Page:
“This scholarship gives me the opportunity to take the skills I learned studying mosses and evolutionary genetics in graduate school and apply them to an agricultural crop,” Carey said. “By doing this work at HudsonAlpha, I will also be immersed in cutting-edge genomics that I can combine with my current skills to create a hop breeding pipeline that is directly useful to the botanical and agricultural world.”
A pipeline to create regional hops
Carey already intends to use the genomic resources she is developing over the next three years to create a hop from Alabama. She and the Harkess lab collaborated with Auburn researchers, like André da Silva’s lab, to begin the process of growing hops in Alabama, a state that sits outside of most people’s environmental comfort zone. hop varieties. They plan to breed different varieties to make different genetic crosses, building on hop genomes and genetic markers from Carey’s project to establish hop varieties that can grow in the climate and environment here in Alabama.
“Sarah has built a powerful network of collaborators and stakeholders that encompasses industrial, academic, agronomic and biotech partners to come together to grow a new crop in a new place,” Harkess said. “Hops grow in an extremely limited geographic region, complicated by its unique reproductive biology and sex chromosomes. Sarah approaches these issues from a different perspective, taking advantage of the immense diversity of hop species, the evolutionary histories of these species, and her unique skills in assembling complex plant genomes and sex chromosomes.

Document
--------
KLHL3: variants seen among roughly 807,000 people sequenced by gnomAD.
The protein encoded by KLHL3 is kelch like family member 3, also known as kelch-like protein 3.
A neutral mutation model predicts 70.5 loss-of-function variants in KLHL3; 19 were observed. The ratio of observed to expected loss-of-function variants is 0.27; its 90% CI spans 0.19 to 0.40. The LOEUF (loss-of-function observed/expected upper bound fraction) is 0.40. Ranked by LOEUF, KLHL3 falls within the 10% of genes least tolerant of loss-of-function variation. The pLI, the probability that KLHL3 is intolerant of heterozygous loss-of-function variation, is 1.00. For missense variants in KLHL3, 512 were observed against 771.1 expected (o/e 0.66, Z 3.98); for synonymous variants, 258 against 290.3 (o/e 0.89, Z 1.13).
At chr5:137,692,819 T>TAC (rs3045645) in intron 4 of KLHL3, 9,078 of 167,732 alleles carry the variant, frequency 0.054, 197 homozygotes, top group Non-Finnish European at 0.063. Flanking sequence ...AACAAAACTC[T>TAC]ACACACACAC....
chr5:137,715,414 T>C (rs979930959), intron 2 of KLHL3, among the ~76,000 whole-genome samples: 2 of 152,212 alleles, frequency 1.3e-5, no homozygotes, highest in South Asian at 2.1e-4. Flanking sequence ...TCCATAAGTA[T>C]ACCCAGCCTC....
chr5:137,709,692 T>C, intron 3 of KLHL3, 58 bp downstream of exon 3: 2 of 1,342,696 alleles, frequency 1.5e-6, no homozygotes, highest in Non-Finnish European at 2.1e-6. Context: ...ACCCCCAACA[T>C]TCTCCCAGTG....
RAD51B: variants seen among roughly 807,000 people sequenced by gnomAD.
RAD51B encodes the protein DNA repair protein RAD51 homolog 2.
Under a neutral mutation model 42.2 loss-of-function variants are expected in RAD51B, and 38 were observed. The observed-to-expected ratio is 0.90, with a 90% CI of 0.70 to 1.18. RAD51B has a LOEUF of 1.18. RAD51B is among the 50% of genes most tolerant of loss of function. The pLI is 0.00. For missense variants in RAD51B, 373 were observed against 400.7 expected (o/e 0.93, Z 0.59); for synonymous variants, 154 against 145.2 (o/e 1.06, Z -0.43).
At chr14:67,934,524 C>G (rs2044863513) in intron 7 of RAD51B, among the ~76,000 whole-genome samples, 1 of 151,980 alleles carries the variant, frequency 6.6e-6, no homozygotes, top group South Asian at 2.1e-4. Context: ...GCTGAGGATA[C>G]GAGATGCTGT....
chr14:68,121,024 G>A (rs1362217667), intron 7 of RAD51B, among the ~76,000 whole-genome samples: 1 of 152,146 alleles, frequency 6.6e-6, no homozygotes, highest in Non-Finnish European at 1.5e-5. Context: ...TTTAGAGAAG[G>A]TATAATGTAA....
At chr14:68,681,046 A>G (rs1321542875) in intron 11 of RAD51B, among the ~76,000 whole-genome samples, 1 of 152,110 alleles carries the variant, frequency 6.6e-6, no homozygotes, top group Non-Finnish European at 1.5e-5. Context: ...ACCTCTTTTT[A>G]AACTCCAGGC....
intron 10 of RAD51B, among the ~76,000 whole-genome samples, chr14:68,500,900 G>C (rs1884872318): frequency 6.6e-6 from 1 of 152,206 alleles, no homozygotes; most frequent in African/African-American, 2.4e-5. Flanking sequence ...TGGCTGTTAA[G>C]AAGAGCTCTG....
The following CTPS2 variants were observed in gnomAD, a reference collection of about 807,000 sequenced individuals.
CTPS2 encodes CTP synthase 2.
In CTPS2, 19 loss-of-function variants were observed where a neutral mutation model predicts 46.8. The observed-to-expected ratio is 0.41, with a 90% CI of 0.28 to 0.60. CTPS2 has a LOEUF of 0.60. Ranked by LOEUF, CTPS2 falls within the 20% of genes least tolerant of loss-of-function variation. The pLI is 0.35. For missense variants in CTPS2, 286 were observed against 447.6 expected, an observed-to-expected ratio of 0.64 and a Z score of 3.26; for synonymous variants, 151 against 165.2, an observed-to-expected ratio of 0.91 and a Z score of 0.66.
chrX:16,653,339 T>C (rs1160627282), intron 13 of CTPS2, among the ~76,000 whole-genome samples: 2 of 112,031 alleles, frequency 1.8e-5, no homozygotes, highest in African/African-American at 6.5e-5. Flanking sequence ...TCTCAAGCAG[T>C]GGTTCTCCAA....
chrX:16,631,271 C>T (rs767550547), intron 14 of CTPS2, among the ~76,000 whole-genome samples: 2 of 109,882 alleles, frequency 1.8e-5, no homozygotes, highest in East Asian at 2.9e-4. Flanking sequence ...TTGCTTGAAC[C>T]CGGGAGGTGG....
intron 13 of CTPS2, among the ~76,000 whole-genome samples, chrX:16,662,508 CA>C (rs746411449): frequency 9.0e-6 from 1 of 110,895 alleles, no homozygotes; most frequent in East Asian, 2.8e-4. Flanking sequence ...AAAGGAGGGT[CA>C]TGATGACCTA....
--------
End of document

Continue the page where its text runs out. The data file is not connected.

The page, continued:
As part of her fellowship, Carey also plans to create the Southeastern Hop Alliance to build a community of hop scientists, breeders, brewers, and other hop industry stakeholders. Carey hopes to hold symposia at Alabama breweries to bring alliance members together and provide updates on genome references and tutorials on using the tools she’s building. From this community, Carey aims to learn the many facets of hop breeding and the hop industry to better develop genomics tools for the needs of the people who actually use them.
“I am so grateful for the opportunity the USDA NIFA Postdoctoral Fellowship gives me,” Carey said. “I’m learning about hop breeding from an academic, non-profit, and industry perspective, while learning the ins and outs of developing high-quality genomics toolkits. The end result, from the point From a scientific perspective, will be genomics tools that will help accelerate hop breeding programs. But from a personal perspective, this fellowship will give me the skills I need to launch my career in plant genomics to new heights. exciting.
Key collaborators contributing to the Hops Genome Project include Joshua Havill, PhD candidate at the University of Minnesota-Twin Cities; Gary Muehlbauer, McKnight University Professor Emeritus at the University of Minnesota-Twin Cities; Katherine Easterling, Principal Investigator and Hopsteiner; Paul Matthews, Principal Investigator and Hopsteiner; and da Silva.
To hear Carey talk more about his research on hops, listen to this episode from the HudsonAlpha podcast Small shipments.